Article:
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Rents dropped again in September: Realtor.com

Renting now more affordable than buying in almost all major markets

While rent prices remain elevated compared to pre-pandemic levels, the median asking  rent price fell $29 from the July 2022 peak, to $1,747,  according to Realtor.com

“As rents ease and both home prices and mortgage rates continue to climb, it’s become more economical to rent than to buy in nearly all major markets,” Danielle Hale, chief economist at Realtor.com said in a statement. “However, even with an influx of new apartment units coming onto the market and putting a lid on rent growth, renters are claiming these new apartments faster than prior to the pandemic.”

The Wall Street Journal reported on Sunday that the premium on buying a home versus renting one is at its highest level since 1996. The average monthly mortgage payment in September was 52% more expensive than the average apartment rent, according to data from real estate firm CBRE.

An influx of new multifamily units on the market drove prices down, improving affordability for units of all sizes.

In September, the annual completion rate of multifamily buildings with five or more units increased 10.1% month-over-month and 15.0% year-over-year. The addition of new apartments to the market prompted prices to decline, improving affordability.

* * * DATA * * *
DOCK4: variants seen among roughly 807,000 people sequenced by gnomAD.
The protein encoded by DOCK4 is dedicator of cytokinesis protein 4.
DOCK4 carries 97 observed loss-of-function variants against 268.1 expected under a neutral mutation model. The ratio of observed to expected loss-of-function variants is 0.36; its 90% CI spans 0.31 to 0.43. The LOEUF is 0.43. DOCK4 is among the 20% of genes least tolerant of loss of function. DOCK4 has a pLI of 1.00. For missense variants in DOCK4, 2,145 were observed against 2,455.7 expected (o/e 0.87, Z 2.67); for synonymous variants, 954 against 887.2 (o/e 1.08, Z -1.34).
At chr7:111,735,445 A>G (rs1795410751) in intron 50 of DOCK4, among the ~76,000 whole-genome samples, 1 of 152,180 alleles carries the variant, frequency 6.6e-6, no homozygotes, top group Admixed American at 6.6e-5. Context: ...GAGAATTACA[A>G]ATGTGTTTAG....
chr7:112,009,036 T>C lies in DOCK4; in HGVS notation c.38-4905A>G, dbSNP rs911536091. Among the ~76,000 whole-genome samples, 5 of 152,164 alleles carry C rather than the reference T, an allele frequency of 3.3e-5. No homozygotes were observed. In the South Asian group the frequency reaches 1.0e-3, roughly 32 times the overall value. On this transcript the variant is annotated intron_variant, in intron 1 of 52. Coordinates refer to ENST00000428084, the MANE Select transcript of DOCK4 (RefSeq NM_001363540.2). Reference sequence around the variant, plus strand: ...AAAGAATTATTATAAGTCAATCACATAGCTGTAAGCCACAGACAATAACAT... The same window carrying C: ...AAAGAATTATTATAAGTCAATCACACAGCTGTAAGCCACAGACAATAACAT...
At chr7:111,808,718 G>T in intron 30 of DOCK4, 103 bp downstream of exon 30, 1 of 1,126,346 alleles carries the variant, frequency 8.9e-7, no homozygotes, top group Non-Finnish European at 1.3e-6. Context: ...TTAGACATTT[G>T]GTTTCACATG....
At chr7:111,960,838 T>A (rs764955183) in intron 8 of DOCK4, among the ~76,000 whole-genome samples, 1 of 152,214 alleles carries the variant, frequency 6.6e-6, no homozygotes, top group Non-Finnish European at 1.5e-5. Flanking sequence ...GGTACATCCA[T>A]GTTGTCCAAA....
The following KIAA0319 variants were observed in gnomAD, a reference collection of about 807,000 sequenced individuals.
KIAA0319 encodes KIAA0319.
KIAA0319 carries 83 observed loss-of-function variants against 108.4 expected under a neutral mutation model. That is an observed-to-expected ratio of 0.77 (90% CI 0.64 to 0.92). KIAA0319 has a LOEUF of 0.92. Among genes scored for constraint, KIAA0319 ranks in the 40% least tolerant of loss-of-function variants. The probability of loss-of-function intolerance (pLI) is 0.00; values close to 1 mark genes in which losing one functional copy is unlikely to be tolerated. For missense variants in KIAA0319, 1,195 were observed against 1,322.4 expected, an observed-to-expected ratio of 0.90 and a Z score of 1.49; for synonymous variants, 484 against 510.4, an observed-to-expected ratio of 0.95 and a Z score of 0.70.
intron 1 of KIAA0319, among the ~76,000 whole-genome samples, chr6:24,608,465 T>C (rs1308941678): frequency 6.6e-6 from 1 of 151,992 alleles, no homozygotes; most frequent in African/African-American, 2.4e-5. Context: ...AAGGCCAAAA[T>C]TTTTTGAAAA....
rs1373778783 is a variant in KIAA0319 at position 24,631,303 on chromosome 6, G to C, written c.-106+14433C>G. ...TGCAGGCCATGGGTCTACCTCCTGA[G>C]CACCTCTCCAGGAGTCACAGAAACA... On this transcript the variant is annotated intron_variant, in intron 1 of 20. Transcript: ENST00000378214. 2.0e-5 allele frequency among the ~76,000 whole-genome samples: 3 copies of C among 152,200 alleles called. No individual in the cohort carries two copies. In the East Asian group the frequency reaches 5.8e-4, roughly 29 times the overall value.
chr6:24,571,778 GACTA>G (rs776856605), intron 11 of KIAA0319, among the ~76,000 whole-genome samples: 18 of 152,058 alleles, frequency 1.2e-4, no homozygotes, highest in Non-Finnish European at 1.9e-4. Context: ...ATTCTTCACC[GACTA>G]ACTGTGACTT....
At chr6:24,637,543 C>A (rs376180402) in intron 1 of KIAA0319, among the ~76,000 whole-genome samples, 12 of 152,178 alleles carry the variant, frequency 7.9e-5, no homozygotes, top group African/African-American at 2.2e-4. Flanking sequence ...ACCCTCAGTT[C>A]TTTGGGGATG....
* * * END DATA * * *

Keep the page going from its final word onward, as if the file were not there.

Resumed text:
On a yearly basis, median asking rents fell  for two-bedroom units(-0.7%), for one-bedroom units (-0.3%) and for studios (-0.5%), while remaining well above pre-pandemic levels.

As prices ticked down, renters flocked to affordable units, the Realtor.com report found. Indeed, within three months of completion, 69.8% of the affordable rental units (renting for $1,850 or less) were taken. Meanwhile, during the same timeframe, 57.2% of units worth over $1,850 were rented. 

Midwest metros led growth in rent prices

Compared to other regions, metros in the Midwest posted faster year-over-year growth in rent prices. Among the top 10 metros experiencing the fastest rent growth on a yearly basis, four were in the Midwest: Milwaukee (3.9%), Cincinnati (3.6%), Cleveland (3.2%), and Indianapolis (3.0%).

The six remaining metros were sprinkled throughout the South and the Northeast: Louisville/Jefferson, Kentucky-Indiana (4.6%), Richmond, Virginia (4.6%), New York, (4.5%), Birmingham, Alabama. (4.4%), Washington, DC (4.2%), and Boston (4.0%). 

Meanwhile, the median rent in the West fell by -3.1% year-over-year, with big metros such as San Francisco and Los Angeles posting 4.8% and 3.4% declines. The South, on the other hand, hosted the top three metros with the biggest yearly rent declines: Austin (-7.3%) and Dallas (-6.2%) in Texas and Orlando, Florida (-5.4%).

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